At the next step of simplification, setting one or both of the {tilde over (R)}:i terms to zero is examined. Once the equalizer has converged at T, almost all of the multi-path interference may be assumed to have been cancelled. Accordingly the output autocorrelation function is an impulse. Therefore at T, {tilde over (R)}d:i≈0, and hence the term D can be dropped from equation (5) without affecting the residual error. However, in the transient or the tracking phase, the absence of this term is like adding an error into the input of the decision device, which is expected to contribute to an increase in the error propagation of the decision feedback equalizer.

Since, the decision device is typically non-linear, this error term is non-zero if and only if D >δmin, where δmin depends on the choice of the forward section. For example, if the forward section compensates fully for the channel, then δmin=∞. Therefore, one way to minimize the error propagation due to this approximation will be to start the forward equalizer before the feed back filter. However, careful consideration of noise amplification by the feed forward filter in a deep fade is required. Start the decision feedback equalizer with a smaller μ for the feedback section may therefore be better.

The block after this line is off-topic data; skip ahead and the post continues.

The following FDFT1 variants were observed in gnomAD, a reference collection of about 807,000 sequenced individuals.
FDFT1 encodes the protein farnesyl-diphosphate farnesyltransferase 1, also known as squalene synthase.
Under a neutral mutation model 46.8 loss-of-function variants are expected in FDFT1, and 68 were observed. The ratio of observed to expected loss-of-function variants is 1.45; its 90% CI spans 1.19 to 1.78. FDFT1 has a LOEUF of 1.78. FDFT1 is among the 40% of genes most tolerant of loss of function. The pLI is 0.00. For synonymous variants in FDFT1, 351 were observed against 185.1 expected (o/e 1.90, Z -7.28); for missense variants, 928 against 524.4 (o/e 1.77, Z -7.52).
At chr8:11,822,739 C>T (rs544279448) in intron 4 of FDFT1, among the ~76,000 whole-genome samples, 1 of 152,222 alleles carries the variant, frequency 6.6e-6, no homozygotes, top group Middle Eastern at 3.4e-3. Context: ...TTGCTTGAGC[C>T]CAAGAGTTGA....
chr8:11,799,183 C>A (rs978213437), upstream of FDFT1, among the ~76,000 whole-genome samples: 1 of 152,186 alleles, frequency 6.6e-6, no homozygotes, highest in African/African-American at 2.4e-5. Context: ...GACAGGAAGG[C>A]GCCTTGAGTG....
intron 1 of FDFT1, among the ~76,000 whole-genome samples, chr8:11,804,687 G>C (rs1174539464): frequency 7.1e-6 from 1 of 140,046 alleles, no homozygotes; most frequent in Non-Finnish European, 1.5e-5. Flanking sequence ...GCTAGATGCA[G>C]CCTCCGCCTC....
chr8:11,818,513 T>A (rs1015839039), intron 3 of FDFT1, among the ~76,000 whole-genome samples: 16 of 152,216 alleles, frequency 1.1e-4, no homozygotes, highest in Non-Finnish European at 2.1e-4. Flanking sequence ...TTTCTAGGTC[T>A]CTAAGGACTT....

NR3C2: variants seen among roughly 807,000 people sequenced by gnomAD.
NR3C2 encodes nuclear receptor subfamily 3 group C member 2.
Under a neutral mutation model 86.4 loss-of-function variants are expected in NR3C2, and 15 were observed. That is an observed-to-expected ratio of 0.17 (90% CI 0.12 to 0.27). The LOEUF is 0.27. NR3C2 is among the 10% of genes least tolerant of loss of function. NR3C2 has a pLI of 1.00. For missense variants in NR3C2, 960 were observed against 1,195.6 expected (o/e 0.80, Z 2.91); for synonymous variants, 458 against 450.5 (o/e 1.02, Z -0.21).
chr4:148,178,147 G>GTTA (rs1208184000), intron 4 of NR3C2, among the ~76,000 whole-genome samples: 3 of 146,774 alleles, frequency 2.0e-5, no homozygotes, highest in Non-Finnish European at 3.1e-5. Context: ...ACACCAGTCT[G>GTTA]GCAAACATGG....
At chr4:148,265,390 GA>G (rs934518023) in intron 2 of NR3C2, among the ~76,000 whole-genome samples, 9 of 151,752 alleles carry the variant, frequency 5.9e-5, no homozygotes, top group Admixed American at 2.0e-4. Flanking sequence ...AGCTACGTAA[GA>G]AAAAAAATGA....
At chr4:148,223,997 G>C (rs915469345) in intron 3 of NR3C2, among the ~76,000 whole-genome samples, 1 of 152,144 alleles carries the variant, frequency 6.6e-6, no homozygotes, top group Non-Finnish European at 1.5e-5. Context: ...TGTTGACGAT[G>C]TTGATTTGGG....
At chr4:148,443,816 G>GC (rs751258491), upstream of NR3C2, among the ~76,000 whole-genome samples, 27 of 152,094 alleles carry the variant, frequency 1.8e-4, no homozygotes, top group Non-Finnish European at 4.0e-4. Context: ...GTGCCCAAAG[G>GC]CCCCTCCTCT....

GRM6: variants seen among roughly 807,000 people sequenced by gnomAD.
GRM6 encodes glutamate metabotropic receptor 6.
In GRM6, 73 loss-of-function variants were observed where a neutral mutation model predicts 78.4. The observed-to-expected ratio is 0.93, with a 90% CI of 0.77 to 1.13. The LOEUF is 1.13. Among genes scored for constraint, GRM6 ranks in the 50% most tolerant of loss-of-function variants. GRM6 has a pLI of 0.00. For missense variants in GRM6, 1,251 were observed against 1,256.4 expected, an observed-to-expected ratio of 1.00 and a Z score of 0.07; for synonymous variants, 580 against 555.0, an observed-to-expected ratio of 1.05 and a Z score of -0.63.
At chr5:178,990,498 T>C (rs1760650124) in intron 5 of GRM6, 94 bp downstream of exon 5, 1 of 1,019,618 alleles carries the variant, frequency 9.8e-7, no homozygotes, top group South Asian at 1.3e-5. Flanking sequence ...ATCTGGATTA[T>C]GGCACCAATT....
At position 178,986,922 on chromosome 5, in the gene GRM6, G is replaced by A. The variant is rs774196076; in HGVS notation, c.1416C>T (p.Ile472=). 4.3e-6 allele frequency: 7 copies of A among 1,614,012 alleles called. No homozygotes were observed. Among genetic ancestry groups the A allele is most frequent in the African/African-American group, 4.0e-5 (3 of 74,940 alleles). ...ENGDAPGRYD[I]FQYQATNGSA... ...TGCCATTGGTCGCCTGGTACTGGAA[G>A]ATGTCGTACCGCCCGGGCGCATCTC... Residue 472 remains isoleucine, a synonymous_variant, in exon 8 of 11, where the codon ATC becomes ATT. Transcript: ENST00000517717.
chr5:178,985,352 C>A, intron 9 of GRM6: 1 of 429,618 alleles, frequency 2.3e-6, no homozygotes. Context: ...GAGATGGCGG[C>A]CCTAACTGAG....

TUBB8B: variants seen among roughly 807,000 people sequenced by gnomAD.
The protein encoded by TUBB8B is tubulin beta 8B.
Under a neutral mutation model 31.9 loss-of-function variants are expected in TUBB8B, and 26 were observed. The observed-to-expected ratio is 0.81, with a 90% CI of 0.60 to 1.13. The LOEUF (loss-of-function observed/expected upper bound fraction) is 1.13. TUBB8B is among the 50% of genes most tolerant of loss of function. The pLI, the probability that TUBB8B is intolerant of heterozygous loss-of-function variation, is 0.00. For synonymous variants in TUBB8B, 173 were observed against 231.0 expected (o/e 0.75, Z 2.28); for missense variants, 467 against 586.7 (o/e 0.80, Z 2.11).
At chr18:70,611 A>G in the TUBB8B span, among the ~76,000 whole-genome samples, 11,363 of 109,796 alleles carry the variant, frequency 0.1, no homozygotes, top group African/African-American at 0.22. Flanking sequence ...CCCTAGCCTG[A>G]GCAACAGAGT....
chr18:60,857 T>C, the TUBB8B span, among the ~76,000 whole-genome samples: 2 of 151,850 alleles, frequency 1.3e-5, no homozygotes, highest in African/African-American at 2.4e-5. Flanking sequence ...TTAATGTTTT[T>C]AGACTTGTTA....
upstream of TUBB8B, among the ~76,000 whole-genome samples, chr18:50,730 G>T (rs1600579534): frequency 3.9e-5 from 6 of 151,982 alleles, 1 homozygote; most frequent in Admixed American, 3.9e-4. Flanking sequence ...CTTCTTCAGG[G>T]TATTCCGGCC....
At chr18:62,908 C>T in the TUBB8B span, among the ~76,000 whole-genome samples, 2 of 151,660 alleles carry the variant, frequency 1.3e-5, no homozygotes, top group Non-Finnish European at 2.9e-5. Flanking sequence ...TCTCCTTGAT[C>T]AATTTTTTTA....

Equation (8) below is the governing equation for the filtering part of the block approximate decision feedback equalizer 300 depicted in FIG. 3: [ y n y n - 1 y n - N + 1 ] = [ x _ n x _ n - 1 x _ n - N + 1 ] h _ f ( n - N ) T + [ d _ n d _ n - 1 d _ n - N + 1 ] h _ b ( n - N ) T + [ μ i = j + 1 N e n - i R ~ x : i - j ] ( 8 )
The structure and operation of the block approximate decision feedback equalizer (BA-DFE-I) 300 is essentially the same as the structure and operation of the block exact decision feedback equalizer except: (1) the intra-block time varying filter 212 b with coefficients {tilde over (R)}d:i for the feedback filter 211 is eliminated, and (2) the intra-block time varying filter 212 a is computed with coefficients {tilde over (R)}x.i, which is updated at very low rates, from measurements on input samples.